Mt. Carmel is wise to remain an all-boys high school

Mt. Carmel’s knowledge of boys is the foundation for a new, trailblazing program specifically designed to meet the needs of young men in today’s age.

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The Mt. Carmel High School campus at 6410 S. Dante campus.

The Mt. Carmel High School campus at 6410 S. Dante.

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Just two blocks from the Obama Presidential Center is Mt. Carmel High School, a 122-year-old all-boys school that was considering welcoming girls as students. In a news release Tuesday, President Brendan Conroy said, “The results of the feedback have made it overwhelmingly clear that Mount Carmel High School’s stakeholders want Mount Carmel to remain all-male, and that changing the school’s all-male tradition is not in the best interest of the school.”

It’s unclear whether Mt. Carmel was trying to capitalize on the gentrification of its neighborhood and the nearby Obama Center, or whether it was just following in the footsteps of Catholic high schools such as St. Ignatius College Prep and DePaul College Prep that have transitioned to co-ed with successful financial results.

Remaining an all-boys school offers Mt. Carmel’s leadership a far better way of ensuring a successful financial future for the school. By remaining an all-boys school, Mt. Carmel can separate itself from its competitors.

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On a typical Mt. Carmel day, a line of fist bumps and mutual admiration greet boys as they walk into school. Teaching techniques focus on keeping boys alert.  In class, boys know the tennis ball in their teacher’s hand could at any time head in their direction, so they better pay attention. Single-gender education allows boys to zero in — without distractions — on what they need to learn to become happy and productive men.

As Craig Robinson, the brother of Michelle Obama and an alumnus of the school, said in 2009, “Mt. Carmel teaches you to finish what you start and do things the right way.”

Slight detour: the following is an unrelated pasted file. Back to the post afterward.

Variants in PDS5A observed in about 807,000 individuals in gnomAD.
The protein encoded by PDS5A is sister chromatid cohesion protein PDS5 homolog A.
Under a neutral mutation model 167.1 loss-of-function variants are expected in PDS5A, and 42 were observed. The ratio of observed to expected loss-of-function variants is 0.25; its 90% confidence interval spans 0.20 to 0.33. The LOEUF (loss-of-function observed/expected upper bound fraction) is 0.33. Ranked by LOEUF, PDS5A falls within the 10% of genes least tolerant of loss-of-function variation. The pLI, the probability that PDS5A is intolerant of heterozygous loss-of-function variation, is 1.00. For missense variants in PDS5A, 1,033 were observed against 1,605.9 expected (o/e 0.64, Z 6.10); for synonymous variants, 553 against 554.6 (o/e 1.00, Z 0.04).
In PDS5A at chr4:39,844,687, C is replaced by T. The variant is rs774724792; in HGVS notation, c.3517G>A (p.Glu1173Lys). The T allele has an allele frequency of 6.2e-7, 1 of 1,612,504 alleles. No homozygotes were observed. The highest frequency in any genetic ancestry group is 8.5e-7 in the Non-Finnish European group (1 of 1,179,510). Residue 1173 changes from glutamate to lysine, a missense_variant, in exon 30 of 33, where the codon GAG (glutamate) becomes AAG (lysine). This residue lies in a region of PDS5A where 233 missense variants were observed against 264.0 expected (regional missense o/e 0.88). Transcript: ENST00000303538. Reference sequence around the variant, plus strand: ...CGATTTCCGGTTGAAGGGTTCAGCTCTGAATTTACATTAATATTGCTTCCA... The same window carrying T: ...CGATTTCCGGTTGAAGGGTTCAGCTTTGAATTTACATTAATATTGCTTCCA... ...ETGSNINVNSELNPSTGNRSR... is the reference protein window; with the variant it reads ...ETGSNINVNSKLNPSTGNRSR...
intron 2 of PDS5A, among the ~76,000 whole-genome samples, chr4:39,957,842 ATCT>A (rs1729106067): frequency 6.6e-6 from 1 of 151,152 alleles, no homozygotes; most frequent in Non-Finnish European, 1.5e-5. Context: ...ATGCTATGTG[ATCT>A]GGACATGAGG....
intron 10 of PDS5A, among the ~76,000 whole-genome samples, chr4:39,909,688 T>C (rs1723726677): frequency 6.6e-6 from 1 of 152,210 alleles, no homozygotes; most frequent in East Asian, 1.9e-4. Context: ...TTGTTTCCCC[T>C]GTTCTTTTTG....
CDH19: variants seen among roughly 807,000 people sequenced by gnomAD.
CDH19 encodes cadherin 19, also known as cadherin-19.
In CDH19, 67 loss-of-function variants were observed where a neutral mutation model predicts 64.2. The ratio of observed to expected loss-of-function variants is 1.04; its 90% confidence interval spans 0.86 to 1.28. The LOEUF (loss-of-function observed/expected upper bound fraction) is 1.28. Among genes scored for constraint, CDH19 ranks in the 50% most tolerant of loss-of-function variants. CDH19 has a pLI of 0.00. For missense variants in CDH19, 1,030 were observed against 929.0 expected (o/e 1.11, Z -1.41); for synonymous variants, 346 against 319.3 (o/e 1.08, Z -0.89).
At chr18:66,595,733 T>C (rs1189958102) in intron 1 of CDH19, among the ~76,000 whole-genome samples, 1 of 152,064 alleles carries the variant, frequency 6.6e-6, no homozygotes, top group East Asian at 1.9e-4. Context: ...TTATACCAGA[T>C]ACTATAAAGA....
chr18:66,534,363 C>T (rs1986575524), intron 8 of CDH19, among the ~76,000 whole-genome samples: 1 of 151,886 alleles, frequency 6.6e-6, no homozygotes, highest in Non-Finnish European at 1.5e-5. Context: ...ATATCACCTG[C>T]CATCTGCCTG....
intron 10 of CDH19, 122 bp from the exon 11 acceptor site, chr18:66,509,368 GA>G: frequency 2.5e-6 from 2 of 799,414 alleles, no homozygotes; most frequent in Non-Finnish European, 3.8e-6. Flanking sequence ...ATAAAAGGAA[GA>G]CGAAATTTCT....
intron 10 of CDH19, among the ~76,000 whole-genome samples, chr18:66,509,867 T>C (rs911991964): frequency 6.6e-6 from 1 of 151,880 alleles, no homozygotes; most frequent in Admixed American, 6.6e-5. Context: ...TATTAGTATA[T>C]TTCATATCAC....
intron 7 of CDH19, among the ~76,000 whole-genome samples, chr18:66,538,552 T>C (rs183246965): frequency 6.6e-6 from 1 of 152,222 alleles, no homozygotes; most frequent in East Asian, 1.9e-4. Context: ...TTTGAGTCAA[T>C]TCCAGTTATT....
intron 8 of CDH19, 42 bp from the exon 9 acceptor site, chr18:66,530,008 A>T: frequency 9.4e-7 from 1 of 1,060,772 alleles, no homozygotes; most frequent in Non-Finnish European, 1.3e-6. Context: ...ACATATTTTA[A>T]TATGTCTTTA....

Most importantly, changing times call for different approaches to how young men are taught. Adolescent boys struggle with lack of direction on confronting today’s issues. We see this throughout Chicago. Boys fall behind girls in college graduation statistics, and their delayed maturity puts them at a disadvantage on many levels compared with their female counterparts. Violence is high in our city. Boys are both perpetrators and victims and are simultaneously the most dangerous and lost among us. 

Young men struggle to understand their role in society because gender boundaries are no longer clear, which leaves them feeling vulnerable and confused. On a date, should they hold the door for a girl? Should they pay for dinner? They may want to, but they also fear this will offend.

These issues are fundamental to the mission of Mt. Carmel: “You came to Carmel as a boy. If you care to struggle and work at it, you will leave as a man.”

Mt. Carmel’s knowledge of boys is the foundation for a new, trailblazing program designed to meet the needs of young men today.

Mt. Carmel is a leader among Catholic schools in Chicago. Following the pack by becoming coeducational may look like a safe financial bet, but it lacks vision. 

By using innovative ways to guide boys through fast-changing society, Mt. Carmel sets itself apart not just from other all-male or coeducational Catholic schools but also from many schools throughout the nation.

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Social and emotional learning  is critical to shaping boys’ leadership skills, a concept that only recently has gained center stage in certain classrooms. Mt. Carmel should adopt it school wide.

Mt. Carmel has racial and ethnic diversity, socioeconomic diversity and a diversity of beliefs. Gender diversity was not what the school needs to remain relevant.

Mt. Carmel is wise to embrace its mission of educating young men, which is what our city and society desperately need. We are glad this amazing school will not be another casualty of the desire to make everything the same.

K. Sarah Hoehn is a pediatrician and mother of a Mt. Carmel rising junior. Giada Litner is a journalist and a mother of a Mt. Carmel rising junior.

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